Do citizens have a specific constitutional right to higher education?



 

This map tells us whether a country’s constitution grants citizens a specific right to higher education.

Only constitutional provisions are included in this map. Legislative protections are not shown here. Read more about why constitutions matter.

More information:

  • Specific right to higher education means the constitution explicitly mentions a right to higher education or a right to education at all levels.
  • Not granted means that the constitution does not explicitly mention the right to higher education for all citizens. This does not mean that the constitution denies the right to higher education, but that it does not explicitly include this right. If the right to education is only guaranteed to specific groups of people, the country will appear as not granting the right to higher education to all citizens on this map.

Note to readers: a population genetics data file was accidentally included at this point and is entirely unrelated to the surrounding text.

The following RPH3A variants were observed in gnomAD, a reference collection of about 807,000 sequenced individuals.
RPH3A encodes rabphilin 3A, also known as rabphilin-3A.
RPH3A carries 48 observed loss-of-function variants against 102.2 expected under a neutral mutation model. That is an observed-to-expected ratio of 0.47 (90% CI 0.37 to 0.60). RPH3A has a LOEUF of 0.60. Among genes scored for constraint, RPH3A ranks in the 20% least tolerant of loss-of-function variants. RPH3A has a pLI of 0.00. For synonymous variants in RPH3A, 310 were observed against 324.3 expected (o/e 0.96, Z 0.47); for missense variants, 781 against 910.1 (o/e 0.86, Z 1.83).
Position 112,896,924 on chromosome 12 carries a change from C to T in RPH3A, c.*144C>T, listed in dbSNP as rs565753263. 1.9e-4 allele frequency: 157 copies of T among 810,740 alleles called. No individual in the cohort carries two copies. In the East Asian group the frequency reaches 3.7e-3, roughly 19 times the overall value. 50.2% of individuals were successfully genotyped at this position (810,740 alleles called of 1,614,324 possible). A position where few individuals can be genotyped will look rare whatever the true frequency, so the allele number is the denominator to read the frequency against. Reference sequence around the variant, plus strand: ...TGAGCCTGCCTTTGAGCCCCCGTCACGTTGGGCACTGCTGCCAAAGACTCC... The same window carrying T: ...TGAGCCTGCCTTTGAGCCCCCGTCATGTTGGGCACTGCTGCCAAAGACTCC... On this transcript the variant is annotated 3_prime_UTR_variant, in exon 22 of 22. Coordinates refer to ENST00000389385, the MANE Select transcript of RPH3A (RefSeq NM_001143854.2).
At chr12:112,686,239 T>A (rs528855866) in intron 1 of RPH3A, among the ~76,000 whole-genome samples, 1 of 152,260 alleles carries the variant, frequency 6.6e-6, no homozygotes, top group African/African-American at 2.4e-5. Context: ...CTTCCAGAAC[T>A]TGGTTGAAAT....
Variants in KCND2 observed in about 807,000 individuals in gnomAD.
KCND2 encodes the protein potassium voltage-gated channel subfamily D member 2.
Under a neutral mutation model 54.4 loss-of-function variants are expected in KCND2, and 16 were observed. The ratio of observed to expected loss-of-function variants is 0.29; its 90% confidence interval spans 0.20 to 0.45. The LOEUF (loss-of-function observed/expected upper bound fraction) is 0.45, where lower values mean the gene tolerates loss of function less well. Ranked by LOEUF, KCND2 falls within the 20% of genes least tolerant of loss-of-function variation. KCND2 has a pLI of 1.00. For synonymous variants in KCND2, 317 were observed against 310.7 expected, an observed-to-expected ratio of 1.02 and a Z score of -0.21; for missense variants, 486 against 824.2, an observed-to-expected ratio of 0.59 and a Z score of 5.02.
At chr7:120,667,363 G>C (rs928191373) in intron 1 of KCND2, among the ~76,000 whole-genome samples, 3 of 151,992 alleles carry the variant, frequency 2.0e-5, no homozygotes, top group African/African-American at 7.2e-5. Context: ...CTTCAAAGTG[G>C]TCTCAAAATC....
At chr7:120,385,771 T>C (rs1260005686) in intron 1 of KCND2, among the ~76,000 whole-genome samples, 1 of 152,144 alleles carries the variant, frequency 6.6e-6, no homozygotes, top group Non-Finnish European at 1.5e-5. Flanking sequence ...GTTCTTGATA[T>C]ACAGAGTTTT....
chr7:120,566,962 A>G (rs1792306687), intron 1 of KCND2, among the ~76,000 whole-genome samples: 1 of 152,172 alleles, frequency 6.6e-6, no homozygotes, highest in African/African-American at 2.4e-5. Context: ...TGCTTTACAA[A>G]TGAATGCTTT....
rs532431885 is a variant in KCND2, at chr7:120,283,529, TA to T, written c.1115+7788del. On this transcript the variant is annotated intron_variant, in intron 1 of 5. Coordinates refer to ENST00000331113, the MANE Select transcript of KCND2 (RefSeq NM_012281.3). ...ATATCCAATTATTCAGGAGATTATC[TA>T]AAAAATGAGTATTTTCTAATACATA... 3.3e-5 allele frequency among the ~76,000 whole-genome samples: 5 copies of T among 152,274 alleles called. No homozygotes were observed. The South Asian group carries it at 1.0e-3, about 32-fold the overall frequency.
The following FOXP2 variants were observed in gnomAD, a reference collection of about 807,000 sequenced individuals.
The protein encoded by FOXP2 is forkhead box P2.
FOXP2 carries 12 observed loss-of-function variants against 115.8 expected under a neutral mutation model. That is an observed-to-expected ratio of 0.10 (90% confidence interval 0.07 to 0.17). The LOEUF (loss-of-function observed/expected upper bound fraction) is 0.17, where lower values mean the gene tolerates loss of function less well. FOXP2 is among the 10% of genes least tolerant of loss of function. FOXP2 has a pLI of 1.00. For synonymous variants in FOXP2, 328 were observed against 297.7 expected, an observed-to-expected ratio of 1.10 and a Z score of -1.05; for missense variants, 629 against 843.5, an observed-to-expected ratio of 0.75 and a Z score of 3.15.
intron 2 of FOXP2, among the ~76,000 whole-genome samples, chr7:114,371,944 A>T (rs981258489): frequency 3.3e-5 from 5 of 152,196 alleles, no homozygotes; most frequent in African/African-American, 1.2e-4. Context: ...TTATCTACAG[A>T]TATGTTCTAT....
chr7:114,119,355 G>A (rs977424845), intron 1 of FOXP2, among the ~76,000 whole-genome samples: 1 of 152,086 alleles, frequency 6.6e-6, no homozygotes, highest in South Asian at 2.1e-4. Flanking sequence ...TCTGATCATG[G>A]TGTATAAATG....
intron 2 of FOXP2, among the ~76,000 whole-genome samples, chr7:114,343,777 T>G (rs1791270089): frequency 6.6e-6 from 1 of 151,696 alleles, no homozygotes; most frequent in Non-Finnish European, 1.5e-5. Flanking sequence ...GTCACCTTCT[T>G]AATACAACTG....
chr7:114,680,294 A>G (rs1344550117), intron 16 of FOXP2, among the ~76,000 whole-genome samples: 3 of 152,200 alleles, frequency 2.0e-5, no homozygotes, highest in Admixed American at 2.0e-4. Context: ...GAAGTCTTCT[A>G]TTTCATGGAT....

• Aspirational means that the constitution protects the right to higher education, but does not use language strong enough to be considered a guarantee. For example, constitutions in this category might state that the country aims to protect the right to higher education or intends to provide free higher education.
  • Guaranteed means that the constitution protects the right to higher education in authoritative language. For example, constitutions in this category might guarantee citizens’ right to higher education or make it the State’s responsibility to provide this level of education. However, the constitutions in this category do not guarantee that higher education is free.
  • Guaranteed free means that the constitution guarantees the right to free higher education in authoritative language.